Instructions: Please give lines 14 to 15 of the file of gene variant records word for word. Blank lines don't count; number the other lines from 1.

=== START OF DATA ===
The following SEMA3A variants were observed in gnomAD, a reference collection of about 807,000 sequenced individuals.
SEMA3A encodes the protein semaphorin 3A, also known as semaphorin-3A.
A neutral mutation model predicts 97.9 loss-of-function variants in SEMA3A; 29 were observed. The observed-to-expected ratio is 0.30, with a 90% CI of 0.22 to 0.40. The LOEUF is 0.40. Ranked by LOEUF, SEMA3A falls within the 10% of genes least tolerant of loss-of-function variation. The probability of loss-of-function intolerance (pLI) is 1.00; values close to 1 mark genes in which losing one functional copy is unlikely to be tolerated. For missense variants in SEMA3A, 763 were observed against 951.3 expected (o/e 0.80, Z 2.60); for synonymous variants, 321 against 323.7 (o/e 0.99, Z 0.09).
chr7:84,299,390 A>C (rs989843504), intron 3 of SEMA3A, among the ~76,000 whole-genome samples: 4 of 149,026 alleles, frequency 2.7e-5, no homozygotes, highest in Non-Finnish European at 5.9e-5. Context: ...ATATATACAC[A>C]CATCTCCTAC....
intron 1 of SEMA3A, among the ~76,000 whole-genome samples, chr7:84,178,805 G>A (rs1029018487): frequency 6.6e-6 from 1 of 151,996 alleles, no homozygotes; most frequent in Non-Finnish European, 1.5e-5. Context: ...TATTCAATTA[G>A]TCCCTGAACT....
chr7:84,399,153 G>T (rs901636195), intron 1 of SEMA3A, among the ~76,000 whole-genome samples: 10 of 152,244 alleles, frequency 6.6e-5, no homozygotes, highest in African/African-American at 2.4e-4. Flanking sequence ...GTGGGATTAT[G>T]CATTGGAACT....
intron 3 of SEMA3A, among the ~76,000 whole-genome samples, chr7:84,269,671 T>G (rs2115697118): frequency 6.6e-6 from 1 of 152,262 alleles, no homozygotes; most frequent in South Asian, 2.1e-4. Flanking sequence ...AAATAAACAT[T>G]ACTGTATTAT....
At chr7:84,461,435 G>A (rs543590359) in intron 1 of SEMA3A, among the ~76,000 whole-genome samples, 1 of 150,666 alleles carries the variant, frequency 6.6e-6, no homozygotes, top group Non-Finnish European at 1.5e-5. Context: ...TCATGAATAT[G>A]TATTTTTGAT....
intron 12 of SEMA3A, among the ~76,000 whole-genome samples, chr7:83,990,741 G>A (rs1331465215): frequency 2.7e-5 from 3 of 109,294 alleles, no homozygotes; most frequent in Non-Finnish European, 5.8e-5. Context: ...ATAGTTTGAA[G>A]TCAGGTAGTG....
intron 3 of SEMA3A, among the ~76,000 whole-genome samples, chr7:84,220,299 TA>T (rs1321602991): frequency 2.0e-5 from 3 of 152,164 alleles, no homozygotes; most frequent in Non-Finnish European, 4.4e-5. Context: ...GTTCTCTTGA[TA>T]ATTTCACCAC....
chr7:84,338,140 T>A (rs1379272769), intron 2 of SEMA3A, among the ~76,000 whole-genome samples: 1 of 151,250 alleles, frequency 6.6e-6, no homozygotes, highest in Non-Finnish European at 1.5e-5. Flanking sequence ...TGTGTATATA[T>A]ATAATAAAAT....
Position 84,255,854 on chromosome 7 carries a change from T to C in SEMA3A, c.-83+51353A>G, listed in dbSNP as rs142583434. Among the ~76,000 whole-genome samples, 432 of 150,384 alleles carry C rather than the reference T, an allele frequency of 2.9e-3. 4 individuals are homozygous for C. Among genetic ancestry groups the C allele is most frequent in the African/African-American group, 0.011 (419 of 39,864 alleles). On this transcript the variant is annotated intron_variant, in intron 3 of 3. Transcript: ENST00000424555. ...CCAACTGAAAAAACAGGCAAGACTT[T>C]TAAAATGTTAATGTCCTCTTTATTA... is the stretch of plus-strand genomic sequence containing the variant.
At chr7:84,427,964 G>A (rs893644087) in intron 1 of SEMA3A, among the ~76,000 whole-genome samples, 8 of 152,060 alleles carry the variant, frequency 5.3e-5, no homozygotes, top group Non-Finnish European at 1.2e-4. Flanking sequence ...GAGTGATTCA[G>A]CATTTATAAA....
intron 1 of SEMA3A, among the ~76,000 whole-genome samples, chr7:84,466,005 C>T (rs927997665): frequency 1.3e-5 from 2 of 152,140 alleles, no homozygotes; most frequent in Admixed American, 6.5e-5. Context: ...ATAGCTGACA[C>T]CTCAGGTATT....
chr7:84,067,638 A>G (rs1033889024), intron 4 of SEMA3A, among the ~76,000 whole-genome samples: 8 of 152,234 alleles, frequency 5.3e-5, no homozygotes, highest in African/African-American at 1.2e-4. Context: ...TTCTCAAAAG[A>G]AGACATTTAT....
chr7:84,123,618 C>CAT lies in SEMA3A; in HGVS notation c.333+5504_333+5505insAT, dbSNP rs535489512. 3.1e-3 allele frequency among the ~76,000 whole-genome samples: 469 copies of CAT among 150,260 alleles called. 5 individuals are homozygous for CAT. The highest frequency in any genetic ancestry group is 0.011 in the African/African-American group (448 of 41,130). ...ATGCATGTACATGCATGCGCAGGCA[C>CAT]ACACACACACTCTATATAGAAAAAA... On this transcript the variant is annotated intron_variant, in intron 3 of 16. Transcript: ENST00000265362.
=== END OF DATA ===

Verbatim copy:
intron 1 of SEMA3A, among the ~76,000 whole-genome samples, chr7:84,466,005 C>T (rs927997665): frequency 1.3e-5 from 2 of 152,140 alleles, no homozygotes; most frequent in Admixed American, 6.5e-5. Context: ...ATAGCTGACA[C>T]CTCAGGTATT....
chr7:84,067,638 A>G (rs1033889024), intron 4 of SEMA3A, among the ~76,000 whole-genome samples: 8 of 152,234 alleles, frequency 5.3e-5, no homozygotes, highest in African/African-American at 1.2e-4. Context: ...TTCTCAAAAG[A>G]AGACATTTAT....